Since the invention of the printing by Johannes Gutenberg in the early 15th century the written word has become as important as the spoken word — not because the spoken word has diminished in stature, but because writing has grown in importance. Originally writing was little more than a method of accounting used by the scribes of governing sovereigns to monitor the tax accounts of their subjects. Today it is our primary method of archiving thought across generations and an important tool of reflection that often rivals speech as a means of communication.
As important as writing is, however, it is completely unnecessary and often never utilized in the acquisition of our first language. Indeed, most second language learners do not acquire a second first-language; rather, they acquire a first second-language, and the circumstances in which they find themselves when they acquire their first second-language are very different from those when they acquire their first language. This difference is especially important in how we acquire the grammatical rules that structure our messages so that they can be understood by others. This said, human language is first and foremost spoken, and it is important that we do not lose sight of this each time we open a book written in our target language.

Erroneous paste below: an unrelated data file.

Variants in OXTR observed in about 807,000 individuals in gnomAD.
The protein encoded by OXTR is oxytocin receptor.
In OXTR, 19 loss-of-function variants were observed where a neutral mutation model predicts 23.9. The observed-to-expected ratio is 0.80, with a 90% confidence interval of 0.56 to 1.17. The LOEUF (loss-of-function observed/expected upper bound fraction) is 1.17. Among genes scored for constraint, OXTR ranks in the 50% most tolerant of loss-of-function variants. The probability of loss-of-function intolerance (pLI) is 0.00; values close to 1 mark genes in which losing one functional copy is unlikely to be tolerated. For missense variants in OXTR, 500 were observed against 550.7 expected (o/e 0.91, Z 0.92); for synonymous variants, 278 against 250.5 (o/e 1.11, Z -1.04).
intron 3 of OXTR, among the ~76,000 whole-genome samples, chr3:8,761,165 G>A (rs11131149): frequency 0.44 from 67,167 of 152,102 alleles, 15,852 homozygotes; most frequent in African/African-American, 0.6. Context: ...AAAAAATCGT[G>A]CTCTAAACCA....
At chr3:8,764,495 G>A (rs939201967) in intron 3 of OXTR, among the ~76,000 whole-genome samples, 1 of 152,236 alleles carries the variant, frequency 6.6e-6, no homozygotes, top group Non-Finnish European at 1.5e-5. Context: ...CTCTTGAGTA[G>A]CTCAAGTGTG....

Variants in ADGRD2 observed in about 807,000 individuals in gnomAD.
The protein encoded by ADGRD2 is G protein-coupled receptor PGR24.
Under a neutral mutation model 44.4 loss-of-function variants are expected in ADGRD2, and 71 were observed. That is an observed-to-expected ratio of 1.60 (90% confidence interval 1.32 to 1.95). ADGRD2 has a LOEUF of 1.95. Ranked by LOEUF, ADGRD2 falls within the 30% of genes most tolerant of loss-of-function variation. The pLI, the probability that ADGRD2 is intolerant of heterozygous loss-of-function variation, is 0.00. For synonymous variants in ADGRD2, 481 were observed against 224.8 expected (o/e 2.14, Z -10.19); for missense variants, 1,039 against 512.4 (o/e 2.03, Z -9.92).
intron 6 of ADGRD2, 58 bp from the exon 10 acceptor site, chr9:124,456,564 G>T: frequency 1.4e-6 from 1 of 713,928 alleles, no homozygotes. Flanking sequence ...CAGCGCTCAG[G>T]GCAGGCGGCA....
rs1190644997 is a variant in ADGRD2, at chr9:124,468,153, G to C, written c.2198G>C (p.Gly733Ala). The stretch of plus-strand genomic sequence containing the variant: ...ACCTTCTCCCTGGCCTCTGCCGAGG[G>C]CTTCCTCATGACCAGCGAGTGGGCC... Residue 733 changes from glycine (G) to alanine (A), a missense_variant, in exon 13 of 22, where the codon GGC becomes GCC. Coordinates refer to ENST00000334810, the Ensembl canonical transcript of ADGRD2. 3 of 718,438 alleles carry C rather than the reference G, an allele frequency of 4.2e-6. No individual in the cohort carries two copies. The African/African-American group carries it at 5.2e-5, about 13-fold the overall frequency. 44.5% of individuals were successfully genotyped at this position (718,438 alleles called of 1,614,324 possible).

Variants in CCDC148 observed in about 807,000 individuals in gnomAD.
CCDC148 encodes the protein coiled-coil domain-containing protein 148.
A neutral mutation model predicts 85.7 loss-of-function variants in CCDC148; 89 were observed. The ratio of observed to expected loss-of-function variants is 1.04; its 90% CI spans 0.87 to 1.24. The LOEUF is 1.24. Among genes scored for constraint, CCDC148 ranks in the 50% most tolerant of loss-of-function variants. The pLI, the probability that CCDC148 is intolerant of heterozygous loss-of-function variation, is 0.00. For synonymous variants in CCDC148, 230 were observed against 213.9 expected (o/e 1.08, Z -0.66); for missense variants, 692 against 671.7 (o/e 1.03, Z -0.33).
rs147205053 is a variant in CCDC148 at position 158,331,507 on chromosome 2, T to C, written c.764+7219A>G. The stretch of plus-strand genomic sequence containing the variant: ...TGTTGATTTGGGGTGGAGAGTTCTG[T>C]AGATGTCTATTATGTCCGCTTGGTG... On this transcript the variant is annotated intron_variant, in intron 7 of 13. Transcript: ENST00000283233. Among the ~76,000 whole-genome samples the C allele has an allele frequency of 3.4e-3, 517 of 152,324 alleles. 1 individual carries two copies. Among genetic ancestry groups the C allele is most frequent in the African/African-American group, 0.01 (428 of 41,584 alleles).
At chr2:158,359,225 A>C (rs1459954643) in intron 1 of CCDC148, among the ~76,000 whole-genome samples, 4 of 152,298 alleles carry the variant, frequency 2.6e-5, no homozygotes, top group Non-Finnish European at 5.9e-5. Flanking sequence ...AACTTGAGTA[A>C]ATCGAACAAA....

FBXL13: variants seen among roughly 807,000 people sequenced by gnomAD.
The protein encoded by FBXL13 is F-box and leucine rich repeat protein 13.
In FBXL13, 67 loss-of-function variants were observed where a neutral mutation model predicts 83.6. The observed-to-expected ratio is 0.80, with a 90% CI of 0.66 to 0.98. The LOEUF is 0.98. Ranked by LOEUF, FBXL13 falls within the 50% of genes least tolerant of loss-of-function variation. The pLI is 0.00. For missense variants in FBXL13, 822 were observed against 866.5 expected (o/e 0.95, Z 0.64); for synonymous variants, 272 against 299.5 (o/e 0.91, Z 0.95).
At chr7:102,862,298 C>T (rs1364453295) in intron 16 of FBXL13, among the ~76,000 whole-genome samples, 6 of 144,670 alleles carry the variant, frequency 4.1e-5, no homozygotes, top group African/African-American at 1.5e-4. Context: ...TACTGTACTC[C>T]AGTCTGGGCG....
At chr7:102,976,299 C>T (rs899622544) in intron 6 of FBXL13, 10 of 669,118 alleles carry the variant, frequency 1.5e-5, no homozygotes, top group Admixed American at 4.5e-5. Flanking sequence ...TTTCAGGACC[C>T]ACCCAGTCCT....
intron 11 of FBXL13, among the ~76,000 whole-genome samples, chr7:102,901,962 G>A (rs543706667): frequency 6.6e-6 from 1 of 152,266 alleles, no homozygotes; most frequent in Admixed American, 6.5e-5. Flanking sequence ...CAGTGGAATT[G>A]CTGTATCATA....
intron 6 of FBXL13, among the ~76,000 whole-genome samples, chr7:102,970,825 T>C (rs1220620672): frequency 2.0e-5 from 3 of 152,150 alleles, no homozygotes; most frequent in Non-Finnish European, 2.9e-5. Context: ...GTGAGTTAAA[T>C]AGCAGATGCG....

Although it is possible to learn a written language without knowing how to speak one; such activity is usually the domain of professional scholars. No one today can possibly know how the language of the ancient Egyptians was spoken, but clearly we can read, with good understanding, what they wrote. In the end, human language is a grammatically logical arrangement of symbols, and it makes little difference to our understanding of these whether the symbols are spoken, written, or drawn. We have only to discover the rules and the meanings of the symbols. Egypt’s ancient past provides us with plenty of written material from which we can unscramble the grammatical rules with which the sacred carvings (hieroglyphs) of ancient Egyptian scholars were etched. Knowing the meanings of the symbols with any degree of precision is, of course, a very different task, and surely one of a much more speculative nature.